Although things tend to come and go in cycles, and I imagine we'll see the rise of new Coppolas in a few decades, as the current model of spending $250 million on eight films in the hope that one of them will break a billion is patently unsustainable.

Re: Lion King remake
« Reply #71 on: July 24, 2019, 12:50:20 PM »
Eventually Disney will run out of popular films to remake, so look forward to the "live action" remake of The Lion King 1½ (2027)

That would be awesome. Especially if they add dialogue. That film was great.

Jungle Book, Beauty Beast and Aladdin were great.
Mary Poppins 2, Winnie the Pooh and Dumbo were quite dull.

Might see this next week with unlimited cinema pass to escape the heat but don't have high expectations.

Re: Lion King remake
« Reply #72 on: July 24, 2019, 12:54:39 PM »
I'm not sure Scott is the best advert for a "sensible" older director given that his best film was notoriously over budget and his more recent career would at best be viewed as one of bland competence.

The idea that mid budget films have dried up I think has more credence although I would say its moreso ambitious mid budget films that have largely vanished, replaced by bland adult dramas(normally staring Hanks or Streep) and probably based on some worthy cause 95% of the audience already agree with. Actually Scott as producer is another good example of that in the way Blade Runner 2049 couldn't stay around say $50-60 million, it had to balloon up to $180 million.

Honestly I think blockbuster wise the recent era isn't nearly as monolithic as its talked up as. Its true that you generally have more studio control than the 80's but I think stylistically there is a massive difference between say JJ Abrams and the better Marvel films. The former is horrible formaulic blandness resorting to every cheap trick it can but the latter I think has often shown a good deal more ambition and risk.

The real successes with Marvel have tended to be comedy directors since I think shows you the franchise has far more in common with say Zemeckis or Reitman than it does Lucas or Spielberg.

Re: Lion King remake
« Reply #73 on: July 24, 2019, 01:00:27 PM »
I think the point is that the studio system was a bad thing, and we don't want a return to that.


Tell that to the golden age of cinema

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Re: Lion King remake
« Reply #74 on: July 24, 2019, 01:02:27 PM »
Mrs Nose and little Nose saw this yesterday.

Mrs Nose thought it was okay, surprisingly so as she'd worked her expectations down very low after reading some reviews.

Little Nose was bored through most of it, apparently.


I have no desire to see it whatsoever.

Re: Lion King remake
« Reply #75 on: July 25, 2019, 11:19:02 AM »
I'm not sure this is anything different to how things have always been. Certainly in the days of the studio system before your Coppolas and Spielbergs changed things up. How many directors did The Wizard of Oz have?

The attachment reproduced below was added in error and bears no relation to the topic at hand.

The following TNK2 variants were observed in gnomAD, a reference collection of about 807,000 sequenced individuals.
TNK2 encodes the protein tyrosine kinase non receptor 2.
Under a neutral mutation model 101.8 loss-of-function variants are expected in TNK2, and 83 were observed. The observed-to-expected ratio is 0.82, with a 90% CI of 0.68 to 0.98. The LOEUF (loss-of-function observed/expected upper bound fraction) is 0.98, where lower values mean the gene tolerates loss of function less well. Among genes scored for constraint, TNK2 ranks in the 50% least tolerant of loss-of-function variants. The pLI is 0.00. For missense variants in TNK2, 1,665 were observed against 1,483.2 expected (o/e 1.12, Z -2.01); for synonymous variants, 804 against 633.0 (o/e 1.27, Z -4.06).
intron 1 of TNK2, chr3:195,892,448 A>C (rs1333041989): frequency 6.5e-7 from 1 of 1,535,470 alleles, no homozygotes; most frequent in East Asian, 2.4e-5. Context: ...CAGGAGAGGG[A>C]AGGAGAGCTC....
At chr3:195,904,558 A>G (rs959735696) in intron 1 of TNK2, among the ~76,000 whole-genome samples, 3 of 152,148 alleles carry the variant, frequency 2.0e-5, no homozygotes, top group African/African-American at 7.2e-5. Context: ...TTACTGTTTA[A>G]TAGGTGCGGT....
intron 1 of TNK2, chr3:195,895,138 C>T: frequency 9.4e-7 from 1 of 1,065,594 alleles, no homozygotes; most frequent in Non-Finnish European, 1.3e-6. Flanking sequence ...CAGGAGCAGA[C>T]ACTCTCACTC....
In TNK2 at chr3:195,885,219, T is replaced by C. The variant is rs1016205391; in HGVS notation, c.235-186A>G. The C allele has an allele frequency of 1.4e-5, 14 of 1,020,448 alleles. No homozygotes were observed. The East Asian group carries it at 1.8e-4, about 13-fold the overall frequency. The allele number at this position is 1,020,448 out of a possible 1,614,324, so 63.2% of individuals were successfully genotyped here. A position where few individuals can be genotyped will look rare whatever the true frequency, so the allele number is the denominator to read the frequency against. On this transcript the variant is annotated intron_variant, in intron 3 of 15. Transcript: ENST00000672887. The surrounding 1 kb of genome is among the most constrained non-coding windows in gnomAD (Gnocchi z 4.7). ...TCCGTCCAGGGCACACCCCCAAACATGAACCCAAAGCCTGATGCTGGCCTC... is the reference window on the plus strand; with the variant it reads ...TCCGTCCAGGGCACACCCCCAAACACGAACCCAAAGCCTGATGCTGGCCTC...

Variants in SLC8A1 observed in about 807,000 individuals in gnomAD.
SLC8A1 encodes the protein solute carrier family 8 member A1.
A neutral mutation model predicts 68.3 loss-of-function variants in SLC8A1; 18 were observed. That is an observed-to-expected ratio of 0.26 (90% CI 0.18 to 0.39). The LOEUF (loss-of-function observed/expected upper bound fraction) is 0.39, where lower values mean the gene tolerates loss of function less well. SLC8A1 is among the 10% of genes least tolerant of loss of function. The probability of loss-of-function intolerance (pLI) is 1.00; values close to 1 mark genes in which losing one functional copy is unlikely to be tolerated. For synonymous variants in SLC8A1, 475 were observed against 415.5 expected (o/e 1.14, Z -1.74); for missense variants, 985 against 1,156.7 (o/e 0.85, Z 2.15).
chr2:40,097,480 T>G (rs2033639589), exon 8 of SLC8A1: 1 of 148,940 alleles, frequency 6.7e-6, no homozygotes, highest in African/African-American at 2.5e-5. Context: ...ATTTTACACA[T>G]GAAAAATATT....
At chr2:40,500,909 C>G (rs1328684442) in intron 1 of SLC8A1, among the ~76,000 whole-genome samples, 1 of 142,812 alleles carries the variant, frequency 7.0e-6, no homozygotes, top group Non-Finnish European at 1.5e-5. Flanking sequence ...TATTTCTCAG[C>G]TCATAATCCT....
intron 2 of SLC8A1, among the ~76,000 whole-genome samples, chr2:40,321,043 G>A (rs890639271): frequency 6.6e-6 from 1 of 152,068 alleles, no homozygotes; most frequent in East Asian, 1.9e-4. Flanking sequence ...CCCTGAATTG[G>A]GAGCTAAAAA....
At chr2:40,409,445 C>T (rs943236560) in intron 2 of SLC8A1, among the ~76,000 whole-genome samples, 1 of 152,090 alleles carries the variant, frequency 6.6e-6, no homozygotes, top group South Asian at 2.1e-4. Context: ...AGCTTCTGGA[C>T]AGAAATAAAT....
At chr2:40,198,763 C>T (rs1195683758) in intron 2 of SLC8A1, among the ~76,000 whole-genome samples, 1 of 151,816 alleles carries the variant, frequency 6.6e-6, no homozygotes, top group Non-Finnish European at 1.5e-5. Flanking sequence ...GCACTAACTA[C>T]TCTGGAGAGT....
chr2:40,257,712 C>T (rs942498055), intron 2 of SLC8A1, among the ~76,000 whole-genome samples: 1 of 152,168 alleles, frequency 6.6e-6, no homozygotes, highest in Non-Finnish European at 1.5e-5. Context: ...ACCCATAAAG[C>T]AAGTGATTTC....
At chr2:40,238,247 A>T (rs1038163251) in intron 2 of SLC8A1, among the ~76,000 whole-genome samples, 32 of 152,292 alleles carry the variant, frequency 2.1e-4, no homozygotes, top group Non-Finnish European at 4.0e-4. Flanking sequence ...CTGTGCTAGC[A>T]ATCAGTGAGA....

4 I believe. With one of the biggest films of all time 'Gone With the Wind' having a big impact.
Richard Thorpe started; wasn't liked by the producer and was fired. Dorothy was in a blonde wig in that version so little of his stuff would have made the film. George Cukor took over; changed a bit of the design but having helped set up the film he had to leave to do with 'Gone with the Wind'. Victor Fleming took over and filmed a lot of the film; but his predecessor Cukor was fired from 'Gone With the Wind' so Fleming got the call to take over King Vidor came in and primarily did a lot of the B&W Kansas scenes. Meanwhile Fleming having filmed predominant amounts of 'Gone With the Wind' couldn't finish it with Sam Wood finishing that off.
Still two of the most revered films today; although 'Gone With the Wind's Civil War and somewhat romanticism of the Old South and the empowerment of the husband over his wife makes it somewhat problematic; while no one really cares all that much about the Silver/Gold standard allegory of the 'Wizard of Oz'.

Anyway; going to see the Lion King next week. Really want to hate it but fear I am going to think it's grand (in the Irish sense of it being meh - alright rather than grandiose).

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Re: Lion King remake
« Reply #76 on: July 25, 2019, 01:30:47 PM »
...while no one really cares all that much about the Silver/Gold standard allegory of the 'Wizard of Oz'.

Pray, tell?

Shit Good Nose

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Re: Lion King remake
« Reply #77 on: July 25, 2019, 01:40:02 PM »
Pray, tell?

This article on Wiki gives a good version of events, plus an alternative reading - https://en.wikipedia.org/wiki/Political_interpretations_of_The_Wonderful_Wizard_of_Oz

All of which really just shows that people can (and will) read into it whatever they want - also cf. Jim Muro's Street Trash.  Sometimes a film is just about alcoholic tramps melting into a shitter, and playing catch with a dismembered cock and nothing more.

St_Eddie

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Re: Lion King remake
« Reply #78 on: July 25, 2019, 01:49:39 PM »